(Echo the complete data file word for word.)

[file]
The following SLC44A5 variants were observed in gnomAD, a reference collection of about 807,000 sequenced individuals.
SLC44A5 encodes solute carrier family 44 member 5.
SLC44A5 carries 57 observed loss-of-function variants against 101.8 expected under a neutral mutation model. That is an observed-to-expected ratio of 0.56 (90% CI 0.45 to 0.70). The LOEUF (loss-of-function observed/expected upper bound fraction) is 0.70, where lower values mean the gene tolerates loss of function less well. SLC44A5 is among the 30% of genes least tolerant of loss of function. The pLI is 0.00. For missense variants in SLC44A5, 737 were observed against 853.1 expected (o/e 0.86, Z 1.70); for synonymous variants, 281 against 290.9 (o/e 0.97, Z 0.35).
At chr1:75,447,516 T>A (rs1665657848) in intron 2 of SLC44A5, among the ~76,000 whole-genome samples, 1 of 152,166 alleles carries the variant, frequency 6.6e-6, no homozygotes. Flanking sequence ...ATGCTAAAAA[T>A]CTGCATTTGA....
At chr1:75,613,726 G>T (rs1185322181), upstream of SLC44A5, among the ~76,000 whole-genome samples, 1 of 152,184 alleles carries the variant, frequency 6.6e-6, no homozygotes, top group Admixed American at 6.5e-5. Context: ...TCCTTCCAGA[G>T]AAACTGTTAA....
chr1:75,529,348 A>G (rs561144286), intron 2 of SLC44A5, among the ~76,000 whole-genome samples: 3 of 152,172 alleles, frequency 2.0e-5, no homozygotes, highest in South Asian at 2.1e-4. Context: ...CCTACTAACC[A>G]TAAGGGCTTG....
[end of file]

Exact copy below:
The following SLC44A5 variants were observed in gnomAD, a reference collection of about 807,000 sequenced individuals.
SLC44A5 encodes solute carrier family 44 member 5.
SLC44A5 carries 57 observed loss-of-function variants against 101.8 expected under a neutral mutation model. That is an observed-to-expected ratio of 0.56 (90% CI 0.45 to 0.70). The LOEUF (loss-of-function observed/expected upper bound fraction) is 0.70, where lower values mean the gene tolerates loss of function less well. SLC44A5 is among the 30% of genes least tolerant of loss of function. The pLI is 0.00. For missense variants in SLC44A5, 737 were observed against 853.1 expected (o/e 0.86, Z 1.70); for synonymous variants, 281 against 290.9 (o/e 0.97, Z 0.35).
At chr1:75,447,516 T>A (rs1665657848) in intron 2 of SLC44A5, among the ~76,000 whole-genome samples, 1 of 152,166 alleles carries the variant, frequency 6.6e-6, no homozygotes. Flanking sequence ...ATGCTAAAAA[T>A]CTGCATTTGA....
At chr1:75,613,726 G>T (rs1185322181), upstream of SLC44A5, among the ~76,000 whole-genome samples, 1 of 152,184 alleles carries the variant, frequency 6.6e-6, no homozygotes, top group Admixed American at 6.5e-5. Context: ...TCCTTCCAGA[G>T]AAACTGTTAA....
chr1:75,529,348 A>G (rs561144286), intron 2 of SLC44A5, among the ~76,000 whole-genome samples: 3 of 152,172 alleles, frequency 2.0e-5, no homozygotes, highest in South Asian at 2.1e-4. Context: ...CCTACTAACC[A>G]TAAGGGCTTG....